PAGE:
The 2013 Serpentine Gallery Pavilion At Kensington Gardens Is Unveiled

Posted by Kate W on Tuesday, June 11th, 2013

The Serpentine Gallery in Kensington Gardens is one of London’s most popular destinations for people interested in viewing modern and contemporary art, attracting upwards of 800,000 visitors each year. Their walls are not merely lined with paintings: their gallery space is often used to display the works of artists who take a multimedia approach to conveying their artistic message. The museum is currently home to a series of limited editions by the noted German feminist artist Rosemarie Trockel as well as the UK’s first solo exhibition of the work of Sturtevant, an American artist noted for recreating and reinterpreting the works of other famous artists in a variety of media.

A mockup of the Serpentine Gallery Pavilion 2013 design by Sou FujimotoBut you don’t even have to walk into the Serpentine Gallery to get a taste of modern art: the gallery’s buzziest current exhibition is found outside its doors. For thirteen years, the gallery has invited a renowned international architect who has not yet built in the UK to design a temporary pavilion on the gallery’s lawn to host public activities from June through October. This past weekend, the gallery unveiled its latest design.

 At age 41, architect Sou Fujimoto is the youngest architect selected to design the Serpentine Gallery Pavilion. He follows in the footsteps of several illustrious architects, many of whom have gone on to win the Pritzker Architecture Prize. Past luminaries selected for the honor include Frank Gehry (the man behind the Philadelphia Museum of Art and the New World Center concert hall) and Jean Nouvel (the designer responsible for the Louvre Abu Dhabi).

A visitor stands inside the Serpentine Gallery Pavilion 2013 design by Sou Fujimoto

What sets Fujimoto’s design apart from the eleven previous completed structures (the plans for the 2004 pavilion by MVRDV Architecture proved too costly and the structure was never built) is its inspiration. Though his design looks geometric and mechanical (it has been likened to a computer mainframe and a digital cloud) it was designed with nature in mind. At the pavilion’s unveiling last weekend, Fujimoto explained his inspiration:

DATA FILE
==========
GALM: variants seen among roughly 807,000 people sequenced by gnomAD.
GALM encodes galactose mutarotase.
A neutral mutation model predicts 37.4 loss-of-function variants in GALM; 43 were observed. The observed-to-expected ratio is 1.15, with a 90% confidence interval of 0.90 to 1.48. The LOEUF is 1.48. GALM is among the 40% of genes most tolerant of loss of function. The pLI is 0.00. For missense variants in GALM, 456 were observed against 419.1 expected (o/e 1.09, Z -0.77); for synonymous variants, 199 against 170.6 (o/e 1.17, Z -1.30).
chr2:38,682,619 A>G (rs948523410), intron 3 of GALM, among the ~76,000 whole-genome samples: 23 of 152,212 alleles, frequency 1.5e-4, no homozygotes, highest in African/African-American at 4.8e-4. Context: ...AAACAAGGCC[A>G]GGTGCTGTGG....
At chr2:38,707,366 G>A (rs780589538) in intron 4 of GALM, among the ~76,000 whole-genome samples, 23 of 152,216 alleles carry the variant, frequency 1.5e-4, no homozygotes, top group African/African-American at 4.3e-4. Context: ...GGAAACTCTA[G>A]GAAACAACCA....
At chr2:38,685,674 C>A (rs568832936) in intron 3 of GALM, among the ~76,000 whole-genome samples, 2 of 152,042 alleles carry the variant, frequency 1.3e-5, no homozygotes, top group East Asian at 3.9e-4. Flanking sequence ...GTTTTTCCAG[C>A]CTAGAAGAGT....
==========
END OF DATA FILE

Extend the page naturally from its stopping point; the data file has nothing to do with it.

“”I tried to create something – of course really artificial – but nicely melding together with these surroundings, to create a nice mixture of nature and architecture. This grid is really artificial, sharp, transparent order, but the whole atmosphere made by grids is more blurring and ambiguous, like trees or a forest or clouds. So we can have the beautiful duality of the artificial order and natural order.”

Visitors explore the Serpentine Gallery Pavilion 2013 design by Sou Fujimoto

The resulting structure is clean and modern, yet fanciful at the same time. Fujimoto likened his process to trimming a bonsai tree: he pruned away sections of his original grid plan during the design process in order to create nooks and crannies for visitors to explore, like bird’s nests on a rock face.

But perhaps the most interesting thing about Fujimoto’s design is its transparency. Even though it is a visually striking piece of art, you can see through it at all angles, whether you’re within the steel matrix or standing on the outside. This dichotomy further underlines the ephemeral nature of this structure, which will be gone by this time next year only to be replaced by something new. Modern art is all about pushing boundaries and exploring new horizons. In its own way, so is nature: after all, the sun sets every day only to rise anew so we can begin again. Fujimoto’s work perfectly interprets the visceral yet ephemeral duality of nature through art.

Image source: Japantimes.co.jp, Now-here-this.timeout.com, Serpentinegallery.com

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